Killian: Verizon-MCI merger is meeting goals

2006 'a very good year', according to Verizon Business President

Verizon Business, an operating unit formed after Verizon Communications acquired MCI, marked its one-year anniversary on Jan.6. The U.S.-based operation expects total revenue to exceed US$20 billion for 2006, leading Verizon Business President John Killian to call it "a very good first year." In a recent interview with Computerworld, Killian talked about the past year, the competition and the future of his business unit.

How has the integration of MCI and the former Verizon Enterprise Solutions Group gone?

We've just finished our first year in business and feel we had a very good first year. Integration has gone extremely well. One goal we had a year ago was to hit the enterprise market globally very quickly, achieving the switch to the Verizon Business brand. That has gone quite well. We're outperforming and gaining share on the other business carriers.

What are your hiring plans for 2007?

Our workforce will probably stay fairly constant with where it is right now. In the first year, we brought the workforce down 10 percent, so it's more than 34,000 now. We'll be adding skill sets around the areas of professional services, IT and managed services, so you'll see a change in the mix of the workforce.

How does Verizon differentiate itself in the worldwide market?

We've very well positioned with the best global network. We have 7,000 of our 34,000 workers overseas, which gives us unsurpassed capabilities. Major financial companies and manufacturers are looking for providers who offer service all over the globe. The former MCI retained a lot of share during the time they were potentially going bankrupt, and that's a real testament to the kinds of skill sets that were brought in. I think we've built on those. Also, we were a first mover to IP. Businesses are moving more and more to Internet Protocol for their networking and for VOIP, so that product set stands us out.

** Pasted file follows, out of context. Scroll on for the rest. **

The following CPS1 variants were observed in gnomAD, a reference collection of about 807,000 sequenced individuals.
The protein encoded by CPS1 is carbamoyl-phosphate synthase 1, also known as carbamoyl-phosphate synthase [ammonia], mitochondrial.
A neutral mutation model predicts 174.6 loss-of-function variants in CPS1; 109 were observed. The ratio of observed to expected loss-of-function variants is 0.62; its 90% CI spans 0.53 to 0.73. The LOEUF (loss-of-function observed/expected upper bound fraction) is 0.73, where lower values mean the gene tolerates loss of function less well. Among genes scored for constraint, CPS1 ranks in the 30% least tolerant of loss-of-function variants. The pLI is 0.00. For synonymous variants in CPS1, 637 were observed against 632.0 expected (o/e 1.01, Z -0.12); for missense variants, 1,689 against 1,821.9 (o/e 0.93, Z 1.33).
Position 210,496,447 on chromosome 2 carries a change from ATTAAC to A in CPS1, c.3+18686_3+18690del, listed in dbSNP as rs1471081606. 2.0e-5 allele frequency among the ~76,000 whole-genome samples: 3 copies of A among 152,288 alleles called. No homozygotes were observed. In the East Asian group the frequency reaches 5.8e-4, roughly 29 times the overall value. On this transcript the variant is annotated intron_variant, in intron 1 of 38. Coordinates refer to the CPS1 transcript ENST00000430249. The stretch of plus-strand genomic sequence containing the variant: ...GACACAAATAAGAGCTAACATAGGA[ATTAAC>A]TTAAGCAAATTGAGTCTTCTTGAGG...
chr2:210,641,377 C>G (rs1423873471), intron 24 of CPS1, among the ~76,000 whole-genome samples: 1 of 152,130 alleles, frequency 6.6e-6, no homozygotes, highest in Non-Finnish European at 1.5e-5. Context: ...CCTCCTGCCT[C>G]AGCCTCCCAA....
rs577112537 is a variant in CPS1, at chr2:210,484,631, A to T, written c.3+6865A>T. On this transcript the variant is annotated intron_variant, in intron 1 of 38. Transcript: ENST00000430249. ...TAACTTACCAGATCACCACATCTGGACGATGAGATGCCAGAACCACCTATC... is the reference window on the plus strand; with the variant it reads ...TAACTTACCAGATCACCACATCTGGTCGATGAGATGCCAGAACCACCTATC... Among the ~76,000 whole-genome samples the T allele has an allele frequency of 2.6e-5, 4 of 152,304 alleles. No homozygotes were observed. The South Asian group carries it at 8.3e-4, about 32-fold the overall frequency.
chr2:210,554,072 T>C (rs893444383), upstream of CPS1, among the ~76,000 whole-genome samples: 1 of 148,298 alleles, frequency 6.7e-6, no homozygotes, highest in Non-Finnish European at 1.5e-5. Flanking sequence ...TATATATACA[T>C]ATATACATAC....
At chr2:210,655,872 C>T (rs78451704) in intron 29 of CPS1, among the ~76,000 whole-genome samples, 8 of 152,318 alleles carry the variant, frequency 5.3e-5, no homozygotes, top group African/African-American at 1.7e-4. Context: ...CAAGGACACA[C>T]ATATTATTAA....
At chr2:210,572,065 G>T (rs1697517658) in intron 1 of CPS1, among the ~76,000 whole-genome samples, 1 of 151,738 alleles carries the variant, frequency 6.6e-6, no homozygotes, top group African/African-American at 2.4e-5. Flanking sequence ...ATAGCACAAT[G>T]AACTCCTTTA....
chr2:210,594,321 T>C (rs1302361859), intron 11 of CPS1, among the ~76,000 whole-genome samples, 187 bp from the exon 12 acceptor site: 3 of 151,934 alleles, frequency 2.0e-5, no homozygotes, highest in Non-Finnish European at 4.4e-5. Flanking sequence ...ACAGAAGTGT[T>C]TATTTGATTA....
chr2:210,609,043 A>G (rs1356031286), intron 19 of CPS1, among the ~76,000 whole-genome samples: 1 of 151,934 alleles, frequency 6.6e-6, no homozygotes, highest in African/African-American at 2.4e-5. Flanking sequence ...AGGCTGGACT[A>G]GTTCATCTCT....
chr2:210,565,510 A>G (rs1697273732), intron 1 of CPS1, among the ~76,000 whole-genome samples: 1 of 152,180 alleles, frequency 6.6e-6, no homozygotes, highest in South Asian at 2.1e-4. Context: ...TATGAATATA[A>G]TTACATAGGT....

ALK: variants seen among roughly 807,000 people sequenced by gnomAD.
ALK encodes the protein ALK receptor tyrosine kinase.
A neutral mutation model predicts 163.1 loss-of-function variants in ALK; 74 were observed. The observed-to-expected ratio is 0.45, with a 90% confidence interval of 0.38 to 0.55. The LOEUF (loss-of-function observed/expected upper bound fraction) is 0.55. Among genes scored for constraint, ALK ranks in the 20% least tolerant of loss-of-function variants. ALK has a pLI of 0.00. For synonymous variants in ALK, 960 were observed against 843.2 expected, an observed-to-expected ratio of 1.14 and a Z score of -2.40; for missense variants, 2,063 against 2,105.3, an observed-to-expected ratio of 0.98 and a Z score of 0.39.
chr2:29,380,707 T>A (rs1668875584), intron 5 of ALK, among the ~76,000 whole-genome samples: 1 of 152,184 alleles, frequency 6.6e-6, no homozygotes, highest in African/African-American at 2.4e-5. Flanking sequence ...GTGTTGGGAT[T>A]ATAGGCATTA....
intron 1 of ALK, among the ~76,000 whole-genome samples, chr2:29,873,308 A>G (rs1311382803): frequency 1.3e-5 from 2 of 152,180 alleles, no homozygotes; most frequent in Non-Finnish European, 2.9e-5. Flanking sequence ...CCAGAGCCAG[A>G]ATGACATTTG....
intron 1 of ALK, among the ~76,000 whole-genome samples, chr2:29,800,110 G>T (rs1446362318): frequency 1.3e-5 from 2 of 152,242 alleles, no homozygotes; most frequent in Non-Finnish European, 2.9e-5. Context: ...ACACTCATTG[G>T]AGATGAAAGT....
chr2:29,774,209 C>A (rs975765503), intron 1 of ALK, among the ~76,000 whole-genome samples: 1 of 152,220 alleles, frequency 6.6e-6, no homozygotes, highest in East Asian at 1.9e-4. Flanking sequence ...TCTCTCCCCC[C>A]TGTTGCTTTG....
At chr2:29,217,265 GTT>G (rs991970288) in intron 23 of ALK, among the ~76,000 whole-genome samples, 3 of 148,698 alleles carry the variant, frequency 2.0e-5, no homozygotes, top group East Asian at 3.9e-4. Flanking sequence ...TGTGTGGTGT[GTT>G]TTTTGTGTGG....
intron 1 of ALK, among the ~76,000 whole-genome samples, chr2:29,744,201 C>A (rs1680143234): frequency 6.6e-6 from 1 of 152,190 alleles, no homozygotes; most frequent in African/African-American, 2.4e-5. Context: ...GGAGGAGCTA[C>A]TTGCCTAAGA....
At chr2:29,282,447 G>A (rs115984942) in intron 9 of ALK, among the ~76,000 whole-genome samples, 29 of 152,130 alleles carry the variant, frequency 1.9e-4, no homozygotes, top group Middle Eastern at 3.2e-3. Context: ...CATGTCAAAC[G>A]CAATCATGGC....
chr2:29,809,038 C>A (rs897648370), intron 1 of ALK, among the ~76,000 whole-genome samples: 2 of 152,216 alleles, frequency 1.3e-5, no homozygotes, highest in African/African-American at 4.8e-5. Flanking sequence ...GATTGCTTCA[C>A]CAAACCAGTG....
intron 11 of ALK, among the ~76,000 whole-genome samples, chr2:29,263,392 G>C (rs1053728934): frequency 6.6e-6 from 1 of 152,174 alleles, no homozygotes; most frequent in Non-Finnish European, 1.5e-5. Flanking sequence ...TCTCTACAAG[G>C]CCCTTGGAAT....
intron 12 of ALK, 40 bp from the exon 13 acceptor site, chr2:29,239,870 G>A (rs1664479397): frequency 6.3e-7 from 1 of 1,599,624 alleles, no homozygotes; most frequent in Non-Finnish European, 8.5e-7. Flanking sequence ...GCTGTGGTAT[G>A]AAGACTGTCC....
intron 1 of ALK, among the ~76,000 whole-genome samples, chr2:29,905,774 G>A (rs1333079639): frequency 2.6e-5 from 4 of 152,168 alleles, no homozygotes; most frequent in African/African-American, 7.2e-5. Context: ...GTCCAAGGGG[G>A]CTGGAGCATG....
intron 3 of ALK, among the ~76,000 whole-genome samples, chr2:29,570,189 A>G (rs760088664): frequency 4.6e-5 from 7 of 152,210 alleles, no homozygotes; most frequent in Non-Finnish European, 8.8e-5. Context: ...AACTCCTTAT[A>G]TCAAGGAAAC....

What's your reaction to the AT&T and BellSouth merger, especially the well-publicized concessions AT&T made to get FCC approval?

Candidly, we at Verizon Business don't pay a lot of attention to it. Those conditions are AT&T conditions and not ours, so there's nothing constraining us at all. If anything, it might create some opportunity for us as far as speed in the marketplace, because we're not going through another integration, while they are.

Do you see a price war or something else brewing because of mergers and increased competition from foreign carriers?

If anything, there's more logic put back in the industry with mergers. There used be a whole host of people going after the business, and it's a smaller group now.

What do your big business customers say is their top concern?

Top of mind with all of them is reliability, making sure that the network works. Second, we hear a lot about the need for help [running] the day-to-day network, both voice and data. They want it to be up, they want it available, they want it modern. We're managing the voice and data networks for about 3,500 companies. That's growth of more than 20 percent per year, which is nice growth.

Where does Verizon Business need to improve?

There's a couple of areas. One is continued new product development, particularly around IP and managed services and IT services. Second is that we need to get more efficient. While we're well ahead of our targets, there's still a lot of opportunity to be more efficient. We are investing significant money in new systems. The former MCI had three or four operational support systems, the brains that allowed the business to operate. They never integrated the UUnet, the MCI and the WorldCom systems. We have a program called Single Stack to bring that down to one operational support system.

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